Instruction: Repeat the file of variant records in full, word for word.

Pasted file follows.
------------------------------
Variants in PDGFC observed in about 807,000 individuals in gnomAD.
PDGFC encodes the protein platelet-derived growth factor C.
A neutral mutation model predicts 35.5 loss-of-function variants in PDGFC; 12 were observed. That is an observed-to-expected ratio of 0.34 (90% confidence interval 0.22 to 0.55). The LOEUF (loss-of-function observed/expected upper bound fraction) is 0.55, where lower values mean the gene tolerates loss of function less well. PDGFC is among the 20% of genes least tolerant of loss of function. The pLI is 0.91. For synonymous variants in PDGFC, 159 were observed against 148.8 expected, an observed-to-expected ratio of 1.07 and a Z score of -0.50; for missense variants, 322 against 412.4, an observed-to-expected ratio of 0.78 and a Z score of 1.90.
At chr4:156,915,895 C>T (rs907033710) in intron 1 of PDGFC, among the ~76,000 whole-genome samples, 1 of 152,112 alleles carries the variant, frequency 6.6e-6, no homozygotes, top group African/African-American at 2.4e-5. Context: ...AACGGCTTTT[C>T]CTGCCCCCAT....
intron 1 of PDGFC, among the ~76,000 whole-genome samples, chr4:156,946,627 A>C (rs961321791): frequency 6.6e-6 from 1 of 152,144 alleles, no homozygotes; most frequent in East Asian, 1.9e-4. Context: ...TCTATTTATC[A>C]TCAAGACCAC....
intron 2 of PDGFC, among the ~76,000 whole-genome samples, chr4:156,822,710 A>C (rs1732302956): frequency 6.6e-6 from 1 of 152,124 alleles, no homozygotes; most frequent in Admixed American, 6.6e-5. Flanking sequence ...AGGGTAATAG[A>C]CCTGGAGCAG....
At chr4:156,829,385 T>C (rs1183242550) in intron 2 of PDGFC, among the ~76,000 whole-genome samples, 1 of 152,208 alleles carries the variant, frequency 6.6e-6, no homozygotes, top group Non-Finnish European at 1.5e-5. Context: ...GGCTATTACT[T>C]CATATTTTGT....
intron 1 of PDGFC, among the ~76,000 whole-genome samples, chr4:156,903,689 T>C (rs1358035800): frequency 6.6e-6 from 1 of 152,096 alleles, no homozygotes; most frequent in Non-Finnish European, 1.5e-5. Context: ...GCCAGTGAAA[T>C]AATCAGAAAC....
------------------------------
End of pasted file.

Variants in PDGFC observed in about 807,000 individuals in gnomAD.
PDGFC encodes the protein platelet-derived growth factor C.
A neutral mutation model predicts 35.5 loss-of-function variants in PDGFC; 12 were observed. That is an observed-to-expected ratio of 0.34 (90% confidence interval 0.22 to 0.55). The LOEUF (loss-of-function observed/expected upper bound fraction) is 0.55, where lower values mean the gene tolerates loss of function less well. PDGFC is among the 20% of genes least tolerant of loss of function. The pLI is 0.91. For synonymous variants in PDGFC, 159 were observed against 148.8 expected, an observed-to-expected ratio of 1.07 and a Z score of -0.50; for missense variants, 322 against 412.4, an observed-to-expected ratio of 0.78 and a Z score of 1.90.
At chr4:156,915,895 C>T (rs907033710) in intron 1 of PDGFC, among the ~76,000 whole-genome samples, 1 of 152,112 alleles carries the variant, frequency 6.6e-6, no homozygotes, top group African/African-American at 2.4e-5. Context: ...AACGGCTTTT[C>T]CTGCCCCCAT....
intron 1 of PDGFC, among the ~76,000 whole-genome samples, chr4:156,946,627 A>C (rs961321791): frequency 6.6e-6 from 1 of 152,144 alleles, no homozygotes; most frequent in East Asian, 1.9e-4. Context: ...TCTATTTATC[A>C]TCAAGACCAC....
intron 2 of PDGFC, among the ~76,000 whole-genome samples, chr4:156,822,710 A>C (rs1732302956): frequency 6.6e-6 from 1 of 152,124 alleles, no homozygotes; most frequent in Admixed American, 6.6e-5. Flanking sequence ...AGGGTAATAG[A>C]CCTGGAGCAG....
At chr4:156,829,385 T>C (rs1183242550) in intron 2 of PDGFC, among the ~76,000 whole-genome samples, 1 of 152,208 alleles carries the variant, frequency 6.6e-6, no homozygotes, top group Non-Finnish European at 1.5e-5. Context: ...GGCTATTACT[T>C]CATATTTTGT....
intron 1 of PDGFC, among the ~76,000 whole-genome samples, chr4:156,903,689 T>C (rs1358035800): frequency 6.6e-6 from 1 of 152,096 alleles, no homozygotes; most frequent in Non-Finnish European, 1.5e-5. Context: ...GCCAGTGAAA[T>C]AATCAGAAAC....